Look, what the hell do you want me to write about Florida’s offense mustering only two touchdowns and a field goal on a team with a shaky defense and squandering a game-long lead despite Florida’s defense holding the explosive team on the other side of The Swamp 15 points under its seasonal scoring average?
You’ve seen this before, as have I. You’ve walked the path to Texas A&M 19, Florida 17, the path that led to Florida’s first 3-3 record in decades, in several recent years past, except the random walk has often produced wins before the losses.
Florida once again has an emaciated roster — it lost Jordan Sherit, quite possibly for the rest of his collegiate career, on Saturday — and an inexperienced, inconsistent quarterback, and good skill position talent on offense concentrated in too few bodies, and good special teams that still turn fatal on cruel occasions, and a defense that tries so hard for three hours and fails for about three minutes of them.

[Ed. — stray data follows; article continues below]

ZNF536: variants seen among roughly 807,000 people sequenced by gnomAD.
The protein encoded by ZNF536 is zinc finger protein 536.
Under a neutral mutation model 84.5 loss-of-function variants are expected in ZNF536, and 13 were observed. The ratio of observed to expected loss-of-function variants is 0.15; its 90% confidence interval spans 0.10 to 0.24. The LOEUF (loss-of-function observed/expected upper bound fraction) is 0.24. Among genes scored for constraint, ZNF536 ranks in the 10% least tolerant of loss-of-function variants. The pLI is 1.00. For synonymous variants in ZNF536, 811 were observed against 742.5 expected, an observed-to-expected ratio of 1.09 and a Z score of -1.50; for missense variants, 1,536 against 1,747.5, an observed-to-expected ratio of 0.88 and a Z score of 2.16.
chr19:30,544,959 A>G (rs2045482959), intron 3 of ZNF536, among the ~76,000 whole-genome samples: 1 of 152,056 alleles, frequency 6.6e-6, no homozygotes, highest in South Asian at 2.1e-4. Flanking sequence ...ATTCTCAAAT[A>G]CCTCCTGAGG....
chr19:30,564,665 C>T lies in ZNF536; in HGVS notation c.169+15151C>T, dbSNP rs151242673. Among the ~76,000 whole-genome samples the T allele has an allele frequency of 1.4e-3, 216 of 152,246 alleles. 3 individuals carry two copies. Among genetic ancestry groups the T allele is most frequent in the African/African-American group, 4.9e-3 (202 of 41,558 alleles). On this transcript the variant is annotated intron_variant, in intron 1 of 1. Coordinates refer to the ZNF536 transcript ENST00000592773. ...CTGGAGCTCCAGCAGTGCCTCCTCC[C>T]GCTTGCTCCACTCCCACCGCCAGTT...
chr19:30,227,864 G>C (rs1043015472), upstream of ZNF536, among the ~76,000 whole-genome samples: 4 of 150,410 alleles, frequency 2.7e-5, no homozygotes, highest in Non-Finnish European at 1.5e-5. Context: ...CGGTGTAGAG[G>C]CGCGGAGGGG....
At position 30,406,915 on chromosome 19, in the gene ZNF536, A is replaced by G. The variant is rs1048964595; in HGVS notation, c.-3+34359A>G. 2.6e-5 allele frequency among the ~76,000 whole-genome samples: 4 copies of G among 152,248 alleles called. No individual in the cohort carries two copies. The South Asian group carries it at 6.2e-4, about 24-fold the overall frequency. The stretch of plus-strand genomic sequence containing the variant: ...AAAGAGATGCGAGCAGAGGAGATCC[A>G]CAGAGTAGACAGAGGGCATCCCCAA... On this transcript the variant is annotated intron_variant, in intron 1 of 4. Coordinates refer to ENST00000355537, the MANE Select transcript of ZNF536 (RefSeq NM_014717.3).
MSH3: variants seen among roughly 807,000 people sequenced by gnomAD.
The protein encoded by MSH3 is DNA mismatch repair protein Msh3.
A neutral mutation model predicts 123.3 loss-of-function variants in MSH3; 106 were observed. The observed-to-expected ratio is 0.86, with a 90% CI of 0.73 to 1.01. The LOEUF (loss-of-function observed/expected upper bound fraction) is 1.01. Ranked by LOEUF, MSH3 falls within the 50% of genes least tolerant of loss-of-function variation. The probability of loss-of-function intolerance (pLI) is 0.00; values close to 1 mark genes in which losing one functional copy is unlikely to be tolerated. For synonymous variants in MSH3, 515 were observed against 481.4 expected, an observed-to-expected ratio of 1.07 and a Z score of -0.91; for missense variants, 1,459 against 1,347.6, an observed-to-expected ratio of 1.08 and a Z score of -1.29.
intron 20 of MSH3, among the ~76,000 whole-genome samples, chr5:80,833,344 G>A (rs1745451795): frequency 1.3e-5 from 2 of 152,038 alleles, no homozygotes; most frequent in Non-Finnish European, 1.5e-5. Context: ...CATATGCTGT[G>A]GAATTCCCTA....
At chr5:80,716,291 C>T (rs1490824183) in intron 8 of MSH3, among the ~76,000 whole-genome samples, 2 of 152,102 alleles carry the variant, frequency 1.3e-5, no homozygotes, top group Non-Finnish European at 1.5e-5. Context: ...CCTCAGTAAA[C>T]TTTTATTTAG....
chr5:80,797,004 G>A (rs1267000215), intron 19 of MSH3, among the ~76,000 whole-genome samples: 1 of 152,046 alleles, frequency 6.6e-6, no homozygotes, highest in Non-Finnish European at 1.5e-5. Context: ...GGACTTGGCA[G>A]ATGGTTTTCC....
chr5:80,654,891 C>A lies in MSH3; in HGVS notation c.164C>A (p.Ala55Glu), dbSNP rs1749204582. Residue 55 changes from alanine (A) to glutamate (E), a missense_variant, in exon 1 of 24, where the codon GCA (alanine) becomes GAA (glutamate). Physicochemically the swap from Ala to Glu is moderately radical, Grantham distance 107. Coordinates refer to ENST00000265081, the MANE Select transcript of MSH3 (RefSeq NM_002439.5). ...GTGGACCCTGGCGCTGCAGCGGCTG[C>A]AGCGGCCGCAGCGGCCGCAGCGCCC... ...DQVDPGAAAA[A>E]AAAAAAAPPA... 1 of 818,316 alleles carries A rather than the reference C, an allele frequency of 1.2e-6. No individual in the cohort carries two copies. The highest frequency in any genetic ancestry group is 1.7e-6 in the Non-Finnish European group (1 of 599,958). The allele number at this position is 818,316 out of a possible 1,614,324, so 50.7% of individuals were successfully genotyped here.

This is how Florida went 4-8 in 2013, but it’s also how Florida went 7-5 in 2014, and 10-4 in 2015, and 9-4 in 2016.
And at this point, it’s barely worth delineating the minimal ways Feleipe Franks diverges from Jeff Driskel or Treon Harris, or the degrees of difference between this 2017 defense and the 2014 one, or this offensive futility from that offensive futility.
The Florida Gators are who they are.
And as much as they tried to camouflage that on Saturday night, that truth stayed true.